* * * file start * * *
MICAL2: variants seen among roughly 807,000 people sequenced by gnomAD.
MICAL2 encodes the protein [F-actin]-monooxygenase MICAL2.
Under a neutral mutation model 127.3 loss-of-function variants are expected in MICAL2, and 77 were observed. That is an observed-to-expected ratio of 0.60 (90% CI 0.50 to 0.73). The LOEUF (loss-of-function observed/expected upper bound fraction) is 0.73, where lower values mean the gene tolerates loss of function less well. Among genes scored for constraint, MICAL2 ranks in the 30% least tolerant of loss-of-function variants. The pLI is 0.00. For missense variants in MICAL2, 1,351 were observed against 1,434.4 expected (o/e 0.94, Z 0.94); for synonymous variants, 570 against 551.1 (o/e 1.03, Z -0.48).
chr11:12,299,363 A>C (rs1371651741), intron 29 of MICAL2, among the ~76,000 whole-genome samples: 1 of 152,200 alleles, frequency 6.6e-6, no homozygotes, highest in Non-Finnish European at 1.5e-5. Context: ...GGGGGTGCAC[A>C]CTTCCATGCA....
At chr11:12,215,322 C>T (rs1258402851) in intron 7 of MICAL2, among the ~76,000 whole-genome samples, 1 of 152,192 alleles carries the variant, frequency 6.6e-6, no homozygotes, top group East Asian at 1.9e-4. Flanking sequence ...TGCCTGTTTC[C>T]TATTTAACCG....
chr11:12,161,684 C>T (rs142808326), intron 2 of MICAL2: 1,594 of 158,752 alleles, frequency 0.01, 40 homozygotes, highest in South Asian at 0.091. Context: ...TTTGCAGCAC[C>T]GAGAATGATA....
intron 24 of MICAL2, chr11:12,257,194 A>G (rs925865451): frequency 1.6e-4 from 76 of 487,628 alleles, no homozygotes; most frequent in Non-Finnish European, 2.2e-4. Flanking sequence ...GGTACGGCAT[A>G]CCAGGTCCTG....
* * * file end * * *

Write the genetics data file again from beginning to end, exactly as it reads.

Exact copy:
MICAL2: variants seen among roughly 807,000 people sequenced by gnomAD.
MICAL2 encodes the protein [F-actin]-monooxygenase MICAL2.
Under a neutral mutation model 127.3 loss-of-function variants are expected in MICAL2, and 77 were observed. That is an observed-to-expected ratio of 0.60 (90% CI 0.50 to 0.73). The LOEUF (loss-of-function observed/expected upper bound fraction) is 0.73, where lower values mean the gene tolerates loss of function less well. Among genes scored for constraint, MICAL2 ranks in the 30% least tolerant of loss-of-function variants. The pLI is 0.00. For missense variants in MICAL2, 1,351 were observed against 1,434.4 expected (o/e 0.94, Z 0.94); for synonymous variants, 570 against 551.1 (o/e 1.03, Z -0.48).
chr11:12,299,363 A>C (rs1371651741), intron 29 of MICAL2, among the ~76,000 whole-genome samples: 1 of 152,200 alleles, frequency 6.6e-6, no homozygotes, highest in Non-Finnish European at 1.5e-5. Context: ...GGGGGTGCAC[A>C]CTTCCATGCA....
At chr11:12,215,322 C>T (rs1258402851) in intron 7 of MICAL2, among the ~76,000 whole-genome samples, 1 of 152,192 alleles carries the variant, frequency 6.6e-6, no homozygotes, top group East Asian at 1.9e-4. Flanking sequence ...TGCCTGTTTC[C>T]TATTTAACCG....
chr11:12,161,684 C>T (rs142808326), intron 2 of MICAL2: 1,594 of 158,752 alleles, frequency 0.01, 40 homozygotes, highest in South Asian at 0.091. Context: ...TTTGCAGCAC[C>T]GAGAATGATA....
intron 24 of MICAL2, chr11:12,257,194 A>G (rs925865451): frequency 1.6e-4 from 76 of 487,628 alleles, no homozygotes; most frequent in Non-Finnish European, 2.2e-4. Flanking sequence ...GGTACGGCAT[A>G]CCAGGTCCTG....